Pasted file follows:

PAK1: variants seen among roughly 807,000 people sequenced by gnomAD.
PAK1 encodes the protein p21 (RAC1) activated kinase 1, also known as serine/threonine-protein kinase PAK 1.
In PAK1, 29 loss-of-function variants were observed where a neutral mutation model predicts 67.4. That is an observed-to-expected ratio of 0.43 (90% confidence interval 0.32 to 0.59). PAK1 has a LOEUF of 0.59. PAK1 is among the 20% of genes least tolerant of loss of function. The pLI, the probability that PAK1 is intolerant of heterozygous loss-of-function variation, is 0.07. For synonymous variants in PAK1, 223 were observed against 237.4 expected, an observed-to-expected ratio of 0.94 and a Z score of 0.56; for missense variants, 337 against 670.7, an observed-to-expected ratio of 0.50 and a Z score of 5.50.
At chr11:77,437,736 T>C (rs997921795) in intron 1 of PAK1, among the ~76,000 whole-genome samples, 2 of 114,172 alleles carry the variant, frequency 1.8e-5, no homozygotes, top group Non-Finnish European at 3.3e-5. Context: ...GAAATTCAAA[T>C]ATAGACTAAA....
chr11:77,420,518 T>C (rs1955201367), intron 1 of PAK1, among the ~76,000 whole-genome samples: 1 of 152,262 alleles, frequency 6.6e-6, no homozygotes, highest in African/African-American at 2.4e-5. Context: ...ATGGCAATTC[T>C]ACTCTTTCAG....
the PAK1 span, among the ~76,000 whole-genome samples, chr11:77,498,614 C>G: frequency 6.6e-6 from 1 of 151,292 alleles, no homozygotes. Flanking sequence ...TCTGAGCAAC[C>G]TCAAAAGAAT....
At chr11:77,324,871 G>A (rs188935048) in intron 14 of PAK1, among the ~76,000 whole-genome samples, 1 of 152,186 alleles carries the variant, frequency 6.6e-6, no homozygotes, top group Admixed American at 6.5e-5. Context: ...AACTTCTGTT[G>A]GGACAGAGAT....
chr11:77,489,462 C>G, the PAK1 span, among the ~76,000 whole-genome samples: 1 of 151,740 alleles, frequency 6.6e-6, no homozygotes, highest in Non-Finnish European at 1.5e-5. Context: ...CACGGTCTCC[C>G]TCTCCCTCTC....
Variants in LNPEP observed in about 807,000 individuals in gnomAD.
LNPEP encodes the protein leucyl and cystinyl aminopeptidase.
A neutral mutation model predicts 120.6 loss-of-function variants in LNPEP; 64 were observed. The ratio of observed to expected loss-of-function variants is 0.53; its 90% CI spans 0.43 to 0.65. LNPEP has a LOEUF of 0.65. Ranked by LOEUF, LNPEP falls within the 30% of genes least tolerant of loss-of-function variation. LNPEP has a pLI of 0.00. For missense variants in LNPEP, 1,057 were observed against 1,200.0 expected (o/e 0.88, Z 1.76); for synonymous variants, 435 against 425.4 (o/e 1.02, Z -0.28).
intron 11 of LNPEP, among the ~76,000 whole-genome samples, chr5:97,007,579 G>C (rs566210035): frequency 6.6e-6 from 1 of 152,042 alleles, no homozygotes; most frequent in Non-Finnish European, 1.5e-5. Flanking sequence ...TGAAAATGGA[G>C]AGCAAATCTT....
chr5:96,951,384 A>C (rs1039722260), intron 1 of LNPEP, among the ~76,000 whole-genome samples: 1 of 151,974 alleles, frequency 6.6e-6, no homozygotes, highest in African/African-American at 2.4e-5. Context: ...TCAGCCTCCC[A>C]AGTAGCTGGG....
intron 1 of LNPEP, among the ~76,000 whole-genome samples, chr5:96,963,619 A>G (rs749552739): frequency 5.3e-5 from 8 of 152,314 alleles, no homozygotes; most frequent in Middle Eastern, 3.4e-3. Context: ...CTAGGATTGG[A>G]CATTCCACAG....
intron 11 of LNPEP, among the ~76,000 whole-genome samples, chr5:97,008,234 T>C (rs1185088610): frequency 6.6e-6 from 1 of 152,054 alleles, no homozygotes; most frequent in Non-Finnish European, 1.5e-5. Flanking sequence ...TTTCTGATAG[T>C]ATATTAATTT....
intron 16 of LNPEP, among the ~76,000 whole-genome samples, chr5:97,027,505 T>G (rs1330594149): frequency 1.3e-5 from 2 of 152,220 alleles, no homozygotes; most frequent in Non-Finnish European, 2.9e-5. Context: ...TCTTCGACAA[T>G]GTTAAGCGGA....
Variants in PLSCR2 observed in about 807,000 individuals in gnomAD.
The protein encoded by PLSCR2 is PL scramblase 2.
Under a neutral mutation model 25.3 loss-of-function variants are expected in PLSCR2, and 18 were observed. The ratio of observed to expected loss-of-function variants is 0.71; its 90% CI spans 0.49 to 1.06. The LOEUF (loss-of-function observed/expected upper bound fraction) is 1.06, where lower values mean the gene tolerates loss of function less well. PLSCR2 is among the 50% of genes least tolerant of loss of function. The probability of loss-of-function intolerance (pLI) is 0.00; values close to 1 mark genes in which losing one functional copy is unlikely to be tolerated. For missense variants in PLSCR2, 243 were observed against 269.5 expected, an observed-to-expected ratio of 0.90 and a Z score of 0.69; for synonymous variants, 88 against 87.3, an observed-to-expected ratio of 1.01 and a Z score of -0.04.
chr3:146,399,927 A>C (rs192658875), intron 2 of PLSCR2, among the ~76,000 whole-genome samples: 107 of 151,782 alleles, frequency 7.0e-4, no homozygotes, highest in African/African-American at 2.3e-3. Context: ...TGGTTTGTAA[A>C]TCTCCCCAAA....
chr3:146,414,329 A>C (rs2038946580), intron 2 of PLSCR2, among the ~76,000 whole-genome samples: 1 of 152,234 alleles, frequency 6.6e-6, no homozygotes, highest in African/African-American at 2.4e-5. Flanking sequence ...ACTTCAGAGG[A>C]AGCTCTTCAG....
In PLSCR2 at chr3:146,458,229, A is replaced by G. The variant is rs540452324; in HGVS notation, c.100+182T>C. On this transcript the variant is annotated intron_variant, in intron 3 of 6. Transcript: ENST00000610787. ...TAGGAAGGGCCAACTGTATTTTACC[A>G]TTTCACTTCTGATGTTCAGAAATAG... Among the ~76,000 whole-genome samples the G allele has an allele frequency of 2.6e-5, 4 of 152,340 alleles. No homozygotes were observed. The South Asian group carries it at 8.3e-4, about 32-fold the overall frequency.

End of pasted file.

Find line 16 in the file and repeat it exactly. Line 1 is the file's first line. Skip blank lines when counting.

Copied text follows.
intron 16 of LNPEP, among the ~76,000 whole-genome samples, chr5:97,027,505 T>G (rs1330594149): frequency 1.3e-5 from 2 of 152,220 alleles, no homozygotes; most frequent in Non-Finnish European, 2.9e-5. Context: ...TCTTCGACAA[T>G]GTTAAGCGGA....